Gun safety begins at home, Rutgers study finds
A study from the Rutgers School of Nursing finds that gun safety programs to deter kids from randomly handling firearms did not prevent this dangerous activity. Researchers say there is a better answer.
Assistant Professor Sallie Porter says their study of 10 gun safety program studies found firearm safety really begins at home.
"What we were looking at was how effective school-based and community-based gun safety educational strategies were for preventing kids from handling guns, so that they do not have unintentional injuries," she said.
"We found, overall, that while some of them may have worked in the very short term [...] we learned as time goes on, that the children still handled guns, played with guns when they were in unsupervised situations. So that the teaching that they got, the learning they hopefully received, really did not stick with them."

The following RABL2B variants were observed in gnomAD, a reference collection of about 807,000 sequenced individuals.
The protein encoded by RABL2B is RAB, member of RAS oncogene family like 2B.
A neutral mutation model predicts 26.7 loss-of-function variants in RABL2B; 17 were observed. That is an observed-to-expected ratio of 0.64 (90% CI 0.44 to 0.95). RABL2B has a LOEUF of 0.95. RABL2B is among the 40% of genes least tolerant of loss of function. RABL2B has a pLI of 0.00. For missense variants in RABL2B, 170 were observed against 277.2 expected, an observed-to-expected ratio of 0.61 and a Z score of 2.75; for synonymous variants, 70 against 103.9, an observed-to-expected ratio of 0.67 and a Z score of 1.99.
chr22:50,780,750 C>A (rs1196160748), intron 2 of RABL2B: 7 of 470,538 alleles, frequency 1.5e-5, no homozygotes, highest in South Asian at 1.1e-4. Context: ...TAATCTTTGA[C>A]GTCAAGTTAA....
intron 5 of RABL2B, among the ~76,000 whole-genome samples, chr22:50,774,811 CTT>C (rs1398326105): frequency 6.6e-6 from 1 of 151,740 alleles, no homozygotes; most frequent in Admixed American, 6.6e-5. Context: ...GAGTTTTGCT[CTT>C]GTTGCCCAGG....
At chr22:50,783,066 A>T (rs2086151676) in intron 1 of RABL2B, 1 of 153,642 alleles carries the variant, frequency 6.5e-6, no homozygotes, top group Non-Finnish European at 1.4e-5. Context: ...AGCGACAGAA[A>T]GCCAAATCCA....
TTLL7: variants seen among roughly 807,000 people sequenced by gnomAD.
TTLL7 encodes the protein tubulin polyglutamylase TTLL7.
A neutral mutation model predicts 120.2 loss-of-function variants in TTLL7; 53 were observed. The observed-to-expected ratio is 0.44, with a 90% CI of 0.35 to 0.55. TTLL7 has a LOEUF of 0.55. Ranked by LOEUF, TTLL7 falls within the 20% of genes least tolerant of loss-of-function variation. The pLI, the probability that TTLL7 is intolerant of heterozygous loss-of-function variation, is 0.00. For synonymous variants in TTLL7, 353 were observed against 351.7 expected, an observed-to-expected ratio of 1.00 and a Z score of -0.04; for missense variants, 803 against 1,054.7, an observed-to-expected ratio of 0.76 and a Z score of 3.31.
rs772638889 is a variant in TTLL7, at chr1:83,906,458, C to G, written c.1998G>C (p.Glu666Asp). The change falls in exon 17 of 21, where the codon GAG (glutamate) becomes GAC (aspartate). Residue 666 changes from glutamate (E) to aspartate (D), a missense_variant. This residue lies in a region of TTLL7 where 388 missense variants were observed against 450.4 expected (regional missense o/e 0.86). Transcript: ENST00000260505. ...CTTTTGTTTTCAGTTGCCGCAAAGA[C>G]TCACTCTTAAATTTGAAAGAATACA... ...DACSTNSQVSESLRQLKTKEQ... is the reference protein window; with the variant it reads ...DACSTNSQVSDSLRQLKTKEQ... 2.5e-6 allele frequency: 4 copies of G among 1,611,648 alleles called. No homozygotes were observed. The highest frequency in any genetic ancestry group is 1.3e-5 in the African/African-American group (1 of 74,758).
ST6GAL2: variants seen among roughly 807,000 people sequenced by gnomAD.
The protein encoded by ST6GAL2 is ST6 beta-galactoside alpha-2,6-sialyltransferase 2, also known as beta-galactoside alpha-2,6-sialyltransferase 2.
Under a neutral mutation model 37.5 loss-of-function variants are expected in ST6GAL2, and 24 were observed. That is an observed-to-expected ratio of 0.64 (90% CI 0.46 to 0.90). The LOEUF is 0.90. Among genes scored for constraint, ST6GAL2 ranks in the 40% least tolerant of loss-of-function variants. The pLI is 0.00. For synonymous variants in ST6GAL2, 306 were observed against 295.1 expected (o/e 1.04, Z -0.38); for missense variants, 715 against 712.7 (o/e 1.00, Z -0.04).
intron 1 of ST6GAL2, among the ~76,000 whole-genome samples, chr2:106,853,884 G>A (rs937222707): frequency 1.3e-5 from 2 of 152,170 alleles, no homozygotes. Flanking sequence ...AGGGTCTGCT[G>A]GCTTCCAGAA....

Porter says that means, "adults who do own guns need to actively prevent children from accessing them, whether that is with gun locks, with gun safes, with keeping them stored safely, separate from ammunition, and making sure, of course, that keys and access codes are not available to the children as well."
"The main point is that if it is a real gun, we do not want children to touch it at all, we do not want them to handle it at all. We want them to immediately notify the closest adult that they have come across with this gun."
And it's not just at home. Porter says parents need to be sure of gun safety at their kids' friends' homes as well.
"While most of these unintentional injuries happen in the home, they do not just happen in the immediate family home — they happen at the homes of neighbors, other family members, grandparents, that kind of thing."